I believe that they will find small fiber nerve damage in these structures for several reasons:  1.)  it explains the tenderness; 2.) It explains the pain; 3.) it explains the associated muscle malfunctions; 4.) it explains the potential for creating ‘distant’ referred sensations; 5.) it explains the potential for creating distant ‘autonomic nervous system’ symptoms, like migraines and voiding dysfunction; 6.) it explains why all of these go away when tensile strength is added back to the structure; 7.) it explains why these symptoms go hand-in-hand with situation where there is obvious ‘stretching’ in the ligament structure around joints, with physical evidence that includes damaged discs (due to abnormal mechanical forces on the disc due to abnormal motion of the bones), cartilage loss (due to abnormal abrasive forces at the joint surface due to ligaments which are not holding the bones in correct alignment), meniscus and labrum tears (which also reflect the humerus or femur moving abnormally and damaging supporting structures in the joint);  8.) it explains why the ‘pain associated with this or that seen on imaging studies’ can go away, while the things seen on these imaging studies do not change at all.  My back probably still has several degenerated, bulging, ruptured discs, foraminal narrowing, spondylolisthesis, bone spurs and bony changes commonly referred to as ‘arthritic’.  But, since my back has not hurt for the last ten years, do I care what these structures look like on my film?  No, i do not.  Do people with thinned cartilage in their knee, but no knee pain, care how thick their cartilage is?  Particularly if the ligament laxity that allowed their knee to be damaged is tightened, and the structure is no longer being damaged by use?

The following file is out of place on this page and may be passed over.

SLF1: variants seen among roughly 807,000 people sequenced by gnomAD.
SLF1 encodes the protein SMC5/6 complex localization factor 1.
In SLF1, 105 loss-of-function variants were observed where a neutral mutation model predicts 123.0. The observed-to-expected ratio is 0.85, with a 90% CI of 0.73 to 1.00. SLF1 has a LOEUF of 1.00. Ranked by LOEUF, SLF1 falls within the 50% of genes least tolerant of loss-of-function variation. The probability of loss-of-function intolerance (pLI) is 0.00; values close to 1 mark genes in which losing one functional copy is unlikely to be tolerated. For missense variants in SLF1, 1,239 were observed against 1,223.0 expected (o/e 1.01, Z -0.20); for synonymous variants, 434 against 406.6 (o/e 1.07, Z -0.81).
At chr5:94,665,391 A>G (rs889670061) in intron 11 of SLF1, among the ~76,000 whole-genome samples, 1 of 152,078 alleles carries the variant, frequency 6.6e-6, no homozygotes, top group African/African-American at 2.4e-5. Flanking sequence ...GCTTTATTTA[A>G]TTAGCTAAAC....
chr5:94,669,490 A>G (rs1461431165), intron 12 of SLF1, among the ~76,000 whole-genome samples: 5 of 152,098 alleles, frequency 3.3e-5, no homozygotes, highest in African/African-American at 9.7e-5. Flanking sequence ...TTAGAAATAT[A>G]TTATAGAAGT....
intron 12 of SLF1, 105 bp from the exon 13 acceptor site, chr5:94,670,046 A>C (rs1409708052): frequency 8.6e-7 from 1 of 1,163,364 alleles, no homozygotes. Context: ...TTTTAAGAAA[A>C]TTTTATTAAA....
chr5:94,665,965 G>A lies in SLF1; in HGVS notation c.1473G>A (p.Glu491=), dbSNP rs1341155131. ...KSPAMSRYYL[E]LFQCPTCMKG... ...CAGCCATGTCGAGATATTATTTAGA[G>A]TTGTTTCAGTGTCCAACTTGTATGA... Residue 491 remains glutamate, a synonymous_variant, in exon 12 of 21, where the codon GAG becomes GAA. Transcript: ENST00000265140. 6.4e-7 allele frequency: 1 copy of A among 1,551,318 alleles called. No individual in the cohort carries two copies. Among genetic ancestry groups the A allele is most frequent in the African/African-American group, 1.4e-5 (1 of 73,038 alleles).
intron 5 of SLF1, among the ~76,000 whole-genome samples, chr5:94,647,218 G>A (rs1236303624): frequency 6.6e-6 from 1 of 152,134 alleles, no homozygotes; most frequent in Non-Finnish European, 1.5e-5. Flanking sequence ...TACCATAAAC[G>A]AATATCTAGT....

There are a number of scientific studies which call into question the ability of MRI’s to ‘diagnose’ back pain correctly, so my skepticism about the role of those studies is not unique.  But I also have a high degree of confidence in the ability of a physical examination to offer just such correct diagnosis in the back, and in every other joint and area of the body.  How do I know that I can successfully find ‘the actual’ source of symptoms, and ALL of the symptom-causing structures?  Because my treatment solutions all have a numbing medication.  I am numbing, as well as treating, each structure.  If I can make the patient’s symptoms resolve using the numbing medication in the structures that i treat, what would this tell you about WHERE THESE SYMPTOMS WERE COMING FROM?  And, if I can find such symptomatic damage, I can also effectively treat this damage with a high degree of success. Welcome to the world of Prolotherapy.  And now you understand, at least conceptually, WHY I believe such a palpatory examination can be so useful.